The Bible was influenced, of course, by many outside sources. One of those sources was Zoroastrianism, the religion of ancient Persia. This came to mind because 2 Peter is the only book in the Bible that describes the end of the world as burning and melting. These ideas are tied to the purifying fire of Zoroastrianism. In that religion an evil deity, Angra Mainyu, corrupted this world. Fire, in Zoroastrian thought, is holy. At the end of time, when the blessed ascend to a heavenly mountain, a river of fire will pour down, burning and purifying the polluted earth left behind. The idea is powerful and evocative, and obviously some early Christian writers cottoned onto it. Including 2 Peter.

The idea, in the Bible, stands isolated in this one single book. The real concern of the epistle is false prophets, though. Still, the worldly should take note. The universe in biblical times consisted only of this relatively flat planet—which wasn’t even a planet then—with a starry dome overhead and a fiery Hell beneath. Ironically, 2 Peter’s end is similar to that predicted by modern astronomers. A star the size our sun will likely bloom out into a red giant, parboiling the earth in its death throes. Seems the Zoroastrians, and Peter, may have been correct after all. The thing is they both had an escape hatch that will only come with interplanetary migration, according to science. But then, all of this assumes there will be a world left after the Trump administration. And speaking of false prophets, I wonder what 2 Peter would’ve had to say about that?

Infinite but Expanding

What could be more humbling than living in an infinite but expanding universe? Since the days of Copernicus, Brahe, Kepler, Galileo, and Newton we’ve known that the apparent reality of both our own lives and that portrayed in Holy Writ is inaccurate. The earth doesn’t hold still, and the sun doesn’t rise or set. The universe isn’t a layer-cake with Heaven above and Hell beneath. Instead it’s mind-numbingly massive. The only appropriate response, it would seem, would be silent awe. Marcelo Gleiser, whose work I’ve mentioned before, is a rare scientist. Rather than continually slapping the rationalist card on the table and declaring science the trump suit, he brings an element of humility to his writing. So much so that he’s willing, almost eager, to engage religion. Not in debate, but in conversation.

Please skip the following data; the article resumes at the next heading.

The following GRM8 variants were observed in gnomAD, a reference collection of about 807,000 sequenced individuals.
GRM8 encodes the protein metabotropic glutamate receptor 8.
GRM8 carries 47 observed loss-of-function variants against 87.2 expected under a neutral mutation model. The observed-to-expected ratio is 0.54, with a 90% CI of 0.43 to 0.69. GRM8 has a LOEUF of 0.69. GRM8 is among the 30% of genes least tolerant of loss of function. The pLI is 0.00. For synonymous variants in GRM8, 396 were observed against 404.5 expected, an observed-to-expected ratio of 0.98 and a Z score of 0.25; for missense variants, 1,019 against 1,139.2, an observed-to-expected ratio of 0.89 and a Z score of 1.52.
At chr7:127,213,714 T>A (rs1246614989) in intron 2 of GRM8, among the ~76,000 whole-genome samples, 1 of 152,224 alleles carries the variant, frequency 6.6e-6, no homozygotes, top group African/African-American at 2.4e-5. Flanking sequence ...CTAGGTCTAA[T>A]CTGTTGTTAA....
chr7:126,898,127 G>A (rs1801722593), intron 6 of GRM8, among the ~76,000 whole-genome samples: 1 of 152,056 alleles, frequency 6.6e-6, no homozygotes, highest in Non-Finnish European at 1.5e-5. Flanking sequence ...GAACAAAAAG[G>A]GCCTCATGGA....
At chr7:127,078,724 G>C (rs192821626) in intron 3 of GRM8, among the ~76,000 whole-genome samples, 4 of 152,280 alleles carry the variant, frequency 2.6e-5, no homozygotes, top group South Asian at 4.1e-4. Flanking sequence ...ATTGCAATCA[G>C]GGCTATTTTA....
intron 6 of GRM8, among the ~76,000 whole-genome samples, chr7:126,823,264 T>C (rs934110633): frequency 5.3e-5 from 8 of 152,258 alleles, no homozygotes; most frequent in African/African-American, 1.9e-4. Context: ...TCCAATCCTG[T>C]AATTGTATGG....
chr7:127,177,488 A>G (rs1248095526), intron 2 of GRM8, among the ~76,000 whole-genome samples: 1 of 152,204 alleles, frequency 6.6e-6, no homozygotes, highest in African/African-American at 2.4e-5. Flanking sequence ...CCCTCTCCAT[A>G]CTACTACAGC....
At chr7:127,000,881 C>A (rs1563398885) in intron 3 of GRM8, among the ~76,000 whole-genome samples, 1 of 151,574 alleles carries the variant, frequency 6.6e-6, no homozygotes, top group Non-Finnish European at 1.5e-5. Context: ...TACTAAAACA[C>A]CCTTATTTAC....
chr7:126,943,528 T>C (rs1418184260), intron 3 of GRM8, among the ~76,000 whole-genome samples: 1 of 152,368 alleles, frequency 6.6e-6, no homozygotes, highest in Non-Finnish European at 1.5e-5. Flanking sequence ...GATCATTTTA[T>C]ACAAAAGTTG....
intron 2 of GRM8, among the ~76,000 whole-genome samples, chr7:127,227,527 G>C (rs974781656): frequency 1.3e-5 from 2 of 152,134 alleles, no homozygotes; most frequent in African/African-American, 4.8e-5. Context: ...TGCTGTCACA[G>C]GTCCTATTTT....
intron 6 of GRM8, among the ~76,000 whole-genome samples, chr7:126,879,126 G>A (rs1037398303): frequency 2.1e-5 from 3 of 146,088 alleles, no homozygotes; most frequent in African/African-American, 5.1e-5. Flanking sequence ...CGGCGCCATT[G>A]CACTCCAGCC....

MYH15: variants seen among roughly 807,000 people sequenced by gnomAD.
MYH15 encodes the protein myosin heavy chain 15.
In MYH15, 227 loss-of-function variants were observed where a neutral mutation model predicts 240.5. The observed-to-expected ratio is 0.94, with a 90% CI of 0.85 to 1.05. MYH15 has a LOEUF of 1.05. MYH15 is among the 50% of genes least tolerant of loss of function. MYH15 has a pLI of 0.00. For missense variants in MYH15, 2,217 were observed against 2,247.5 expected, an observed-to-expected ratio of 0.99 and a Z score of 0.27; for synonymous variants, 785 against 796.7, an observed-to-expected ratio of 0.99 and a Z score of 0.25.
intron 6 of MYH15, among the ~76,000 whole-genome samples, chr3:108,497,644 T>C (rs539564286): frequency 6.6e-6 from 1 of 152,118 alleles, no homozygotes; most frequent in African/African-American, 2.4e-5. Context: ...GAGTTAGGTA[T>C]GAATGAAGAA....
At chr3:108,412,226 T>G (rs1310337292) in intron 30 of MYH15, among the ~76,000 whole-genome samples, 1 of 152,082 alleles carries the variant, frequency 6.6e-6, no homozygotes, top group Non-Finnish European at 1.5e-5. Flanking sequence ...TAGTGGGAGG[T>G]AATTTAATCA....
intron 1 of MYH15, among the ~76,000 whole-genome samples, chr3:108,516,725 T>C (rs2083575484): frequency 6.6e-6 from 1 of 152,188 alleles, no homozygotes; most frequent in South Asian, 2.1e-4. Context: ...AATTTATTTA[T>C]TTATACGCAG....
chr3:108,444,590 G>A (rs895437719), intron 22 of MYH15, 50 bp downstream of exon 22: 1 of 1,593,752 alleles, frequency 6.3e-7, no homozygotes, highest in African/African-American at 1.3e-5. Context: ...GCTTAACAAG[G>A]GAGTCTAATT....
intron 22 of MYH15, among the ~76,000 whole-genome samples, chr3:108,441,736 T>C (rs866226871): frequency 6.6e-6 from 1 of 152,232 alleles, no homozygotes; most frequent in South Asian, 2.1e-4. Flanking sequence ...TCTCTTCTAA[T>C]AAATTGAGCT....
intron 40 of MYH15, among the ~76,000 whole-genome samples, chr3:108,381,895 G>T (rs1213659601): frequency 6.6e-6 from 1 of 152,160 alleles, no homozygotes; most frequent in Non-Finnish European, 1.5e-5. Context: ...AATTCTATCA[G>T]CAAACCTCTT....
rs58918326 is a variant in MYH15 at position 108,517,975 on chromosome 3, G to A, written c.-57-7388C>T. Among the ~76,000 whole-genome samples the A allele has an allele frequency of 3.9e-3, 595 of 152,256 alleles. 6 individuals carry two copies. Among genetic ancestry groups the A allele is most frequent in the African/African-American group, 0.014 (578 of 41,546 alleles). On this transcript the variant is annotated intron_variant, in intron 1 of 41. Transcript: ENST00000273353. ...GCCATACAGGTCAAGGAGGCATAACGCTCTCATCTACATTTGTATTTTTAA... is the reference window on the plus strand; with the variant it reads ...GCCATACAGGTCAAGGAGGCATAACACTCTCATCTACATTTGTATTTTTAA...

The Prophet and the Astronomer is a wide-ranging book that is tied together around the theme of the end of the world. A few weeks back we had yet another brush with a biblical literalist declaring the end of all things. Gleiser, although his book was published over a decade ago, was called in to comment in various places. This book opens by discussing ancient ideas of the end of the world. These are necessarily religious ideas. We don’t fully understand ancient concepts, but enough remains for us to see that apocalypses have their origins in Zoroastrian thought. Judaism encountered such thinking and the book of Daniel ran with it. Early Christians also had the world’s end on their minds, and the book of Revelation developed into a full-blown apocalypse. The world, or at least the western hemisphere, has never been the same since. Centuries of living under the threat of a cataclysm that could come at any second surely takes its toll.